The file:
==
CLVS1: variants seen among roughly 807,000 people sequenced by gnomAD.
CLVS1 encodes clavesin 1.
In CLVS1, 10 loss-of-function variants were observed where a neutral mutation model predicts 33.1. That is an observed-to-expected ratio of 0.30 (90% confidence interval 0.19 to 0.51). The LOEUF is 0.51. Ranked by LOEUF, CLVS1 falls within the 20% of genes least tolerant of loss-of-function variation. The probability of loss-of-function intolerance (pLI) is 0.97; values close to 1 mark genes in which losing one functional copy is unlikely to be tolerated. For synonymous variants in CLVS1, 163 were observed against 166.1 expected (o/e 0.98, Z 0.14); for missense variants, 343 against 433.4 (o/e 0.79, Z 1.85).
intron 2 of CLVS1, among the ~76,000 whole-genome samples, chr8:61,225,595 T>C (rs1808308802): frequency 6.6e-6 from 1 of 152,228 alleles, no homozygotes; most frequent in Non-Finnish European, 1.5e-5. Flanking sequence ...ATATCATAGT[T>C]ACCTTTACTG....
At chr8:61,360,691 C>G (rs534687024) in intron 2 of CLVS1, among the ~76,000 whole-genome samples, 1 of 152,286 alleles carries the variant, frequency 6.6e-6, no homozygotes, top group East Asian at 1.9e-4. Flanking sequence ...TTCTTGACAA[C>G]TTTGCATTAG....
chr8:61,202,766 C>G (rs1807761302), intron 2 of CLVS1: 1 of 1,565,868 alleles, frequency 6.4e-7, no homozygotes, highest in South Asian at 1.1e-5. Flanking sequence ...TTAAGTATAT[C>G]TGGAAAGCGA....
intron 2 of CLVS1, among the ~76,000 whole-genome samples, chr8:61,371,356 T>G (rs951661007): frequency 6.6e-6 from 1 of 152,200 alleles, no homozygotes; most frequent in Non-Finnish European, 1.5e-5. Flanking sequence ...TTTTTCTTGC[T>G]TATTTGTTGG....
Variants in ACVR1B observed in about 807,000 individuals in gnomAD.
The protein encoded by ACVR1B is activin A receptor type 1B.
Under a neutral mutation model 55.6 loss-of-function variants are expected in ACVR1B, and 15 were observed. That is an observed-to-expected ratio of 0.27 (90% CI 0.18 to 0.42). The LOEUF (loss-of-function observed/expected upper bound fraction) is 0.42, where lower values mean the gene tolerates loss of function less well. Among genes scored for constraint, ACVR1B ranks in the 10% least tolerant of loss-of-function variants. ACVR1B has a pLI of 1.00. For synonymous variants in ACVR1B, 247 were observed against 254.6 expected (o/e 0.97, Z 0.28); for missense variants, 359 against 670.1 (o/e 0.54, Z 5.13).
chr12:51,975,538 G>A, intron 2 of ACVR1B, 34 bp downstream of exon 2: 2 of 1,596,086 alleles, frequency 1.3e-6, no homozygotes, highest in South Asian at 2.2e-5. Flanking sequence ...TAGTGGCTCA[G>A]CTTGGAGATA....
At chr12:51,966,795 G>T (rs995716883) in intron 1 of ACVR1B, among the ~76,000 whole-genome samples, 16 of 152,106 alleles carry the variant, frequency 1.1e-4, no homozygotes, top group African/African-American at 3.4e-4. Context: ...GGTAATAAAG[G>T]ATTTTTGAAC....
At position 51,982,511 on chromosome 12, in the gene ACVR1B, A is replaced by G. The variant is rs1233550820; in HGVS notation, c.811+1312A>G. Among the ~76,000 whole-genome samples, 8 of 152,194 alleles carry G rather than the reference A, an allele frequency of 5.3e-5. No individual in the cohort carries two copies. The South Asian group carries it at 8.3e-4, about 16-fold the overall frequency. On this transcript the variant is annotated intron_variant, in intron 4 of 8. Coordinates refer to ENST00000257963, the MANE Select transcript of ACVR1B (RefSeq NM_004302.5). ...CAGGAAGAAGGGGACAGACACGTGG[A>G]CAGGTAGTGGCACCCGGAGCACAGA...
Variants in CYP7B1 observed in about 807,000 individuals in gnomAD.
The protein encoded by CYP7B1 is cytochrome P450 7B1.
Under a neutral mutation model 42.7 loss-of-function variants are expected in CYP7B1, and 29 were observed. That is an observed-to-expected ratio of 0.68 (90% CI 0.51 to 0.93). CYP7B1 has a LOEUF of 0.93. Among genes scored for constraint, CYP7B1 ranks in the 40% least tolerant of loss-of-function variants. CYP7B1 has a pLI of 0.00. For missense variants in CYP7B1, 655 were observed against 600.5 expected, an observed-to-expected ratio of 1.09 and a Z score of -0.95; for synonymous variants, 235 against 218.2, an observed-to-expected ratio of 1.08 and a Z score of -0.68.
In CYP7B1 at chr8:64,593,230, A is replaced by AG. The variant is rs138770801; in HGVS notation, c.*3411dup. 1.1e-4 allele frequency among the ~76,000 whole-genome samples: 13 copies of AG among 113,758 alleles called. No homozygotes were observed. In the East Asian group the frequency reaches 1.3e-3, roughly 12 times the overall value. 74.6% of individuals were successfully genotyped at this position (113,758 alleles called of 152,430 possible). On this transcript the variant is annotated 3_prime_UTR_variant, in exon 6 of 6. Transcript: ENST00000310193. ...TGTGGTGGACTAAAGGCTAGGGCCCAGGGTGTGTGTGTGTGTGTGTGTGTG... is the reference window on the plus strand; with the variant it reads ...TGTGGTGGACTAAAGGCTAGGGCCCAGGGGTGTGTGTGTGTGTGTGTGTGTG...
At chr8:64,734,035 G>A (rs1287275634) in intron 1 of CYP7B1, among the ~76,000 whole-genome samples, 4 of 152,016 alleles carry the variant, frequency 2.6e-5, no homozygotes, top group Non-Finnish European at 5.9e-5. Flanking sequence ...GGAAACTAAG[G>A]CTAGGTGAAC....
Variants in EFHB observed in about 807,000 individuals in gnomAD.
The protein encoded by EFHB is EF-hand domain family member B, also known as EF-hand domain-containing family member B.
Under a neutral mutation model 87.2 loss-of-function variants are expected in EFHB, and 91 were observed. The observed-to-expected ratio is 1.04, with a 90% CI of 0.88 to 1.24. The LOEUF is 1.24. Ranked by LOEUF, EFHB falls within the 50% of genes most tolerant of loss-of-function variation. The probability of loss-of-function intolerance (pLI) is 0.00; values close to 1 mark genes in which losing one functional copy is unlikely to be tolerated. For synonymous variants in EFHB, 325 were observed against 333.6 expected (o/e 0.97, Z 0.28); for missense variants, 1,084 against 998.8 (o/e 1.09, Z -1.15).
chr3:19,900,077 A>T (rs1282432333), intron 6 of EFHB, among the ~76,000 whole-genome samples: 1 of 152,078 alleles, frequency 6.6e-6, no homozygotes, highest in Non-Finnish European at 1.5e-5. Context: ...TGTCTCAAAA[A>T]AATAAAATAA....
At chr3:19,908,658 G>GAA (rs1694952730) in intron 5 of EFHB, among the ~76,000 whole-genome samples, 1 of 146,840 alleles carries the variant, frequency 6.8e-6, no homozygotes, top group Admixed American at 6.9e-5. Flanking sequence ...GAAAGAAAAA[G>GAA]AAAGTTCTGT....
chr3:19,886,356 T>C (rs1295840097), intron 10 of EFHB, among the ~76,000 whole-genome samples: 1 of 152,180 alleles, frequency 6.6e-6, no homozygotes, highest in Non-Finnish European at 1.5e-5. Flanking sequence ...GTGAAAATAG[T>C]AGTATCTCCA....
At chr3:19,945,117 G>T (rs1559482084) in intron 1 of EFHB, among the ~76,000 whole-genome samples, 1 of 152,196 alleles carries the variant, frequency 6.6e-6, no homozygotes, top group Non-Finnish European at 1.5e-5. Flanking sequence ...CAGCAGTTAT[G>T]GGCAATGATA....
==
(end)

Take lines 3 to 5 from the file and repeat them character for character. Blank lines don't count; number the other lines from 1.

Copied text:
In CLVS1, 10 loss-of-function variants were observed where a neutral mutation model predicts 33.1. That is an observed-to-expected ratio of 0.30 (90% confidence interval 0.19 to 0.51). The LOEUF is 0.51. Ranked by LOEUF, CLVS1 falls within the 20% of genes least tolerant of loss-of-function variation. The probability of loss-of-function intolerance (pLI) is 0.97; values close to 1 mark genes in which losing one functional copy is unlikely to be tolerated. For synonymous variants in CLVS1, 163 were observed against 166.1 expected (o/e 0.98, Z 0.14); for missense variants, 343 against 433.4 (o/e 0.79, Z 1.85).
intron 2 of CLVS1, among the ~76,000 whole-genome samples, chr8:61,225,595 T>C (rs1808308802): frequency 6.6e-6 from 1 of 152,228 alleles, no homozygotes; most frequent in Non-Finnish European, 1.5e-5. Flanking sequence ...ATATCATAGT[T>C]ACCTTTACTG....
At chr8:61,360,691 C>G (rs534687024) in intron 2 of CLVS1, among the ~76,000 whole-genome samples, 1 of 152,286 alleles carries the variant, frequency 6.6e-6, no homozygotes, top group East Asian at 1.9e-4. Flanking sequence ...TTCTTGACAA[C>G]TTTGCATTAG....